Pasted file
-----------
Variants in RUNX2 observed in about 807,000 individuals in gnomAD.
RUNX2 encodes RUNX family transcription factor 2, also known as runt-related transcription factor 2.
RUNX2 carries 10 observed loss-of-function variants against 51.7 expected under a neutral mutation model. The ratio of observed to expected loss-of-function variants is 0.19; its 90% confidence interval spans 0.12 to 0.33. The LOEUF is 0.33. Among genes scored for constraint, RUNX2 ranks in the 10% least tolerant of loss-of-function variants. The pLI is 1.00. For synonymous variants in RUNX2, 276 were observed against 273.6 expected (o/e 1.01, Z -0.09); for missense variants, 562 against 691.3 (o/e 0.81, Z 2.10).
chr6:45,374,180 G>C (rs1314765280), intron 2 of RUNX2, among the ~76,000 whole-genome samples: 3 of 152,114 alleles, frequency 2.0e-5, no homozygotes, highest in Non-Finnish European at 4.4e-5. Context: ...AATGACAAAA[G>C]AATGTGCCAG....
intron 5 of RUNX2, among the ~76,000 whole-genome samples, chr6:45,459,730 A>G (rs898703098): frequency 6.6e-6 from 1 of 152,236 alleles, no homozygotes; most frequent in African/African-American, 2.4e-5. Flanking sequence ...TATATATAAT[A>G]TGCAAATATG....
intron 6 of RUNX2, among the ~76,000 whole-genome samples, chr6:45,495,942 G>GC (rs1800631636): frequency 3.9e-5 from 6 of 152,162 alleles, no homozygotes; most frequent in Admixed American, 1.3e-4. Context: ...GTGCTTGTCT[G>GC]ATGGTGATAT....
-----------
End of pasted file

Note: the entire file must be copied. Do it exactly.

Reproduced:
Variants in RUNX2 observed in about 807,000 individuals in gnomAD.
RUNX2 encodes RUNX family transcription factor 2, also known as runt-related transcription factor 2.
RUNX2 carries 10 observed loss-of-function variants against 51.7 expected under a neutral mutation model. The ratio of observed to expected loss-of-function variants is 0.19; its 90% confidence interval spans 0.12 to 0.33. The LOEUF is 0.33. Among genes scored for constraint, RUNX2 ranks in the 10% least tolerant of loss-of-function variants. The pLI is 1.00. For synonymous variants in RUNX2, 276 were observed against 273.6 expected (o/e 1.01, Z -0.09); for missense variants, 562 against 691.3 (o/e 0.81, Z 2.10).
chr6:45,374,180 G>C (rs1314765280), intron 2 of RUNX2, among the ~76,000 whole-genome samples: 3 of 152,114 alleles, frequency 2.0e-5, no homozygotes, highest in Non-Finnish European at 4.4e-5. Context: ...AATGACAAAA[G>C]AATGTGCCAG....
intron 5 of RUNX2, among the ~76,000 whole-genome samples, chr6:45,459,730 A>G (rs898703098): frequency 6.6e-6 from 1 of 152,236 alleles, no homozygotes; most frequent in African/African-American, 2.4e-5. Flanking sequence ...TATATATAAT[A>G]TGCAAATATG....
intron 6 of RUNX2, among the ~76,000 whole-genome samples, chr6:45,495,942 G>GC (rs1800631636): frequency 3.9e-5 from 6 of 152,162 alleles, no homozygotes; most frequent in Admixed American, 1.3e-4. Context: ...GTGCTTGTCT[G>GC]ATGGTGATAT....